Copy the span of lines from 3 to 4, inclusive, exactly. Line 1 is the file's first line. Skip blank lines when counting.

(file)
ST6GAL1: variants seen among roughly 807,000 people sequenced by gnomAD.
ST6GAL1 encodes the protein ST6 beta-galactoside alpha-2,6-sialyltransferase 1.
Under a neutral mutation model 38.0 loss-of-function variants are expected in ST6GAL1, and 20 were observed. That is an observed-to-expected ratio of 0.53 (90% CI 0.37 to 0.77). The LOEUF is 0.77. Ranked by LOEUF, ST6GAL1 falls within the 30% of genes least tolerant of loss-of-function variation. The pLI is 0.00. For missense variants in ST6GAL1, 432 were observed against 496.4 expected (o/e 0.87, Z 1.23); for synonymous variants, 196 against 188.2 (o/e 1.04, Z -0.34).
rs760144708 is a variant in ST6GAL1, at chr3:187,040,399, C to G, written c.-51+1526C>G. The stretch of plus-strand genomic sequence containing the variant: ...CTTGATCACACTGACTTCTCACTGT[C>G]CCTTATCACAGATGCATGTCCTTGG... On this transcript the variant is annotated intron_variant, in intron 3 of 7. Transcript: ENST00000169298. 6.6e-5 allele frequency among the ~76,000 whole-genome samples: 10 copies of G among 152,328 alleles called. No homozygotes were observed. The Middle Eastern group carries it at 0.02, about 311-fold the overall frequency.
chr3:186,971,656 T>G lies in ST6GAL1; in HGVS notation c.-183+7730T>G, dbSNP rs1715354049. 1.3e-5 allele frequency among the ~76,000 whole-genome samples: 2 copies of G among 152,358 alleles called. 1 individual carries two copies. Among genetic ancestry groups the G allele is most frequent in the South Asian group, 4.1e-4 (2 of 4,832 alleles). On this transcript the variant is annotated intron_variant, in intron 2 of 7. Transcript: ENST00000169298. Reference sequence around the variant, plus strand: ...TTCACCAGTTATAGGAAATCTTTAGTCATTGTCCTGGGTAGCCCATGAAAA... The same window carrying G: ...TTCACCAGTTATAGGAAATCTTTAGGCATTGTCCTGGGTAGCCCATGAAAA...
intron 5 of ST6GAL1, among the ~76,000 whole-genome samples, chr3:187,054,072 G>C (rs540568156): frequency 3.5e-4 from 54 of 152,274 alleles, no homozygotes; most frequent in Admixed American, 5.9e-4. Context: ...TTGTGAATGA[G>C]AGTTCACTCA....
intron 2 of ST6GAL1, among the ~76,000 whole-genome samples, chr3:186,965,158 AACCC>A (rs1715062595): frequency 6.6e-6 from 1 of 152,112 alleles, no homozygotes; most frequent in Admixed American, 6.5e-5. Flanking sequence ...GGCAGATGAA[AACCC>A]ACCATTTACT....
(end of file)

Under a neutral mutation model 38.0 loss-of-function variants are expected in ST6GAL1, and 20 were observed. That is an observed-to-expected ratio of 0.53 (90% CI 0.37 to 0.77). The LOEUF is 0.77. Ranked by LOEUF, ST6GAL1 falls within the 30% of genes least tolerant of loss-of-function variation. The pLI is 0.00. For missense variants in ST6GAL1, 432 were observed against 496.4 expected (o/e 0.87, Z 1.23); for synonymous variants, 196 against 188.2 (o/e 1.04, Z -0.34).
rs760144708 is a variant in ST6GAL1, at chr3:187,040,399, C to G, written c.-51+1526C>G. The stretch of plus-strand genomic sequence containing the variant: ...CTTGATCACACTGACTTCTCACTGT[C>G]CCTTATCACAGATGCATGTCCTTGG... On this transcript the variant is annotated intron_variant, in intron 3 of 7. Transcript: ENST00000169298. 6.6e-5 allele frequency among the ~76,000 whole-genome samples: 10 copies of G among 152,328 alleles called. No homozygotes were observed. The Middle Eastern group carries it at 0.02, about 311-fold the overall frequency.